How Zimbabwe’s tourism weathers economic storms

Victoria Falls

Victoria Falls

from WELLINGTON TONI in Harare, Zimbabwe
HARARE, (CAJ News) ZIMBABWE’S tourism sector continues defying ongoing economic challenges in the country thanks to a crucial agreement between authorities and the local energy regulator.

The Zimbabwe Tourism Authority (ZTA), an arm of the Ministry of Tourism, Environment and Climate Change, reached the agreement with the Zimbabwe Energy Regulatory Authority (ZERA), which has ensured adequate fuel supplies for most tourist destinations.

The move is timely ahead of the Southern African country scheduled to host hundreds of delegates for an international summit on sustainable development.

Godfrey Koti, the ZTA Head Corporate Affairs, in an interview on Thursday, explained to CAJ News Africa how the agency was weathering the storm presented by economic challenges.

“The challenges have been ugly, if I have to use that word, but we have managed to pull through,” he said.

“The fuel shortages have not been easy for anyone especially for operators. Through negotiations with ZERA, we have been managing to get adequate allocations to cover for the gaps here and there.”

He disclosed that at the peak of the sector in December last year, ZTA did not experience any fuel challenges particularly in the major resorts of Victoria Falls and Kariba.

Zimbabwe has been experiencing been experiencing an acute shortage of fuel since late last year.

Prices have been fluctuating in line with the inconsistent supply.

This has been largely blamed on fuel cartels cashing in on the country’s crises.

A lack of foreign currency in the market is the major impediment.

In addition, electricity shortages currently facing the entire Southern African region, have not spared operators and the hotel and tourism industry.

“We have to ask for electricity as well,” Koti said.

“The problem is that it affects the product one has to buy or deliver. The need to buy a generator to run a hotel for a whole month comes with additional fuel costs,” Koti added.

Generators are among sources of power in the wake of erratic supply of electricity.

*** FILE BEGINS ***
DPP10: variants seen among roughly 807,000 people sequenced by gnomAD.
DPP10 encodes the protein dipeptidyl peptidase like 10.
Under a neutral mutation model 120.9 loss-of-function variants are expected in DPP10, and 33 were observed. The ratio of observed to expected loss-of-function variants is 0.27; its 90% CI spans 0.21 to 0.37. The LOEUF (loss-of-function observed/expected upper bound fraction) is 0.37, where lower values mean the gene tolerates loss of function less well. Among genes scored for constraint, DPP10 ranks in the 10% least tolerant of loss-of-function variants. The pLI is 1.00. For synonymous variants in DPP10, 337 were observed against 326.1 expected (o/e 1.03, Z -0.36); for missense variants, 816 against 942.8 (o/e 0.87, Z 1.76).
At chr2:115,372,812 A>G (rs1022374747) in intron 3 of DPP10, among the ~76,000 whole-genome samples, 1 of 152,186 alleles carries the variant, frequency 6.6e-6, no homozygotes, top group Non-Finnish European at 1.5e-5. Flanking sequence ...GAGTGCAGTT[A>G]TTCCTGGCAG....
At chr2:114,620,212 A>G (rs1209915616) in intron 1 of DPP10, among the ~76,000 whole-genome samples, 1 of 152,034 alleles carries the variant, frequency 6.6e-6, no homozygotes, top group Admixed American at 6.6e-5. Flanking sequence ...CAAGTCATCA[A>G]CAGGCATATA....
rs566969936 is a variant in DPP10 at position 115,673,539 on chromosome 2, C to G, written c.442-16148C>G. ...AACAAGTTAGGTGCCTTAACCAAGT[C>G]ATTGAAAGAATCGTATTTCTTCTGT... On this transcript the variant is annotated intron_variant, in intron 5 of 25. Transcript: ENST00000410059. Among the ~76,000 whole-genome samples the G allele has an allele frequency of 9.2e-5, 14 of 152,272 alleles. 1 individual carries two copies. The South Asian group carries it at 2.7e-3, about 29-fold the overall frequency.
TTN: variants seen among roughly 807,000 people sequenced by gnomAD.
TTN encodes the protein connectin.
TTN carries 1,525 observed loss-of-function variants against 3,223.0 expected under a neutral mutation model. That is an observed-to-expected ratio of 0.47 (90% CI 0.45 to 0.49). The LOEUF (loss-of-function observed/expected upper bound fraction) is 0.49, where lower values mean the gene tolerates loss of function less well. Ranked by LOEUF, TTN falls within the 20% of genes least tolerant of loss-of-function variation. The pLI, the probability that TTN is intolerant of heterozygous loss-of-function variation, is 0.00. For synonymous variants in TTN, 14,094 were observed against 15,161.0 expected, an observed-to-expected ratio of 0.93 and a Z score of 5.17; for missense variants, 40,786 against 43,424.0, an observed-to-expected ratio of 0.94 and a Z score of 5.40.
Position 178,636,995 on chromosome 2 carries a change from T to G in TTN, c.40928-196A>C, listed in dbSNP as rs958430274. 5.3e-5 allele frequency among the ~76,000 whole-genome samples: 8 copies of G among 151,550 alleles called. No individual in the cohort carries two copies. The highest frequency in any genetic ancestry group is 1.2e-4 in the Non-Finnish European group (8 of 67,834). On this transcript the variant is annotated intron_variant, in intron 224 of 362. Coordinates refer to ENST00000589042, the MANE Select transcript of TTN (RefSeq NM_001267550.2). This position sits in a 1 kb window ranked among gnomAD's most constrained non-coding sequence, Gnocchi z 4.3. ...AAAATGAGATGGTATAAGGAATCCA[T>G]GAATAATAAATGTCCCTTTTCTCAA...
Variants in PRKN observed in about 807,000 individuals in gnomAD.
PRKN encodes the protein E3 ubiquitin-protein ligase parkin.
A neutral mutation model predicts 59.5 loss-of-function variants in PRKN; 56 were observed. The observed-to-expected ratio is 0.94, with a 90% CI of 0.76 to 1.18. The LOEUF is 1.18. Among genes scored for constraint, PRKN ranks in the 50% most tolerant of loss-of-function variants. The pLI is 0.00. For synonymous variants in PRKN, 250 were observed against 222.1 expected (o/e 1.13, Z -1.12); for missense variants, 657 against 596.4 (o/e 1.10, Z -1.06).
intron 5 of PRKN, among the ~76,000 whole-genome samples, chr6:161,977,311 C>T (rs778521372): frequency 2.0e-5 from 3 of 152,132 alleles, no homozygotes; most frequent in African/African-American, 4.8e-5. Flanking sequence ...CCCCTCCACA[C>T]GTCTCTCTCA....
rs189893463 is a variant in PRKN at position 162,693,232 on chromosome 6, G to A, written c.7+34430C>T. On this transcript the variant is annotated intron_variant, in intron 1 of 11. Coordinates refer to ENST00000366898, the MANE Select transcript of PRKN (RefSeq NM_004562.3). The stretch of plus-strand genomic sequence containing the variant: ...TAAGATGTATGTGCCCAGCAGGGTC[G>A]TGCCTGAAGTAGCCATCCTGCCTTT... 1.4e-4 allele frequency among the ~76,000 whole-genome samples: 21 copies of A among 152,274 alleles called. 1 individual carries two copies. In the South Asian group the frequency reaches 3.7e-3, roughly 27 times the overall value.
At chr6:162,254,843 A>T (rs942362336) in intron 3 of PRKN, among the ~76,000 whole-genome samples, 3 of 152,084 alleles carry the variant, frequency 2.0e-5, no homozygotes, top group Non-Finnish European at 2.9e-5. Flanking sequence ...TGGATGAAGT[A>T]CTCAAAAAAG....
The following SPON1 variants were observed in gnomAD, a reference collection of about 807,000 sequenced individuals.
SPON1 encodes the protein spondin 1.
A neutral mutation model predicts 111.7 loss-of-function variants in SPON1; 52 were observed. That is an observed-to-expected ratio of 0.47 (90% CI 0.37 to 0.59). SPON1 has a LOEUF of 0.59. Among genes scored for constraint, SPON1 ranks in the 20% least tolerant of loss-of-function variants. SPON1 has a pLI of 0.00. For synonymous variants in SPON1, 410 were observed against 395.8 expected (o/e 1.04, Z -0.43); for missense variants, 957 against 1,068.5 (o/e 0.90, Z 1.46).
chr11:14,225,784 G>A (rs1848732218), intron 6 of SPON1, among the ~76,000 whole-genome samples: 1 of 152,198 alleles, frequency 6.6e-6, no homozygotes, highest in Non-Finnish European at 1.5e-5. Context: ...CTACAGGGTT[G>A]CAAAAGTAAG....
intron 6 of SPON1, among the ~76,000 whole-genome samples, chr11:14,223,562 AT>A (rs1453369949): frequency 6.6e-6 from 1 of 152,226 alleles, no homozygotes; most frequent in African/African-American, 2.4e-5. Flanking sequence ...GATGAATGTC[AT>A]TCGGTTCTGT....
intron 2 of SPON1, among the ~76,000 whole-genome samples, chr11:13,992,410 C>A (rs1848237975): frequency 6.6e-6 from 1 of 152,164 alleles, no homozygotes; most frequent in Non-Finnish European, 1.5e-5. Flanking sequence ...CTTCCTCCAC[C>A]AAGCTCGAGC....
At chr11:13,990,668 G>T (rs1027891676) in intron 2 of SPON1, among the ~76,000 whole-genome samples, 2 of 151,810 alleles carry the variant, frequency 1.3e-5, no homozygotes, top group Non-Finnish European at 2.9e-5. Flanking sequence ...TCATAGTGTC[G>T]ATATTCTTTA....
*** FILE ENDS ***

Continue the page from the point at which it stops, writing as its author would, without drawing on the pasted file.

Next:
While they minimise disruptions, they eat into profits.

“The extensive use of generators to power operations increased costs significantly as a result of high fuel usage, servicing and repairs,” Koti explained.

Zimbabwe’s electricity deficit is attributed to the lowering water levels at the Kariba Dam.

Power outages sometimes last up to 12 hours a day.

Big retailers also bemoaned the inadequate supplies.

“The business conditions have remained unstable and challenging characterized by…severe power shortages,” OK Zimbabwe stated on Thursday.

Zimbabwe is endowed with many natural wonders including the Victoria Falls-one of the Seven Wonders of the World.

Other tourism destinations are the Gonarezhou, Hwange and Matopos National Parks, the Eastern Highlands and the Great Zimbabwe in Masvingo.

On February 24-27, Victoria Falls will host the United Nations Economic Commission for Africa sixth Session of the Africa Regional Forum for Sustainable Development.

The event will be held under the theme, “A decade to deliver transformed and prosperous Africa through the 2030 Agenda and Agenda 2063.”

A total of 1 200 delegates are expected.

“We don’t want to be caught unprepared for such a massive event. We thus asked for an allocation that will cover that event. We know the benefits that come with hosting such an event in a resort town,” Koti concluded.

– CAJ News

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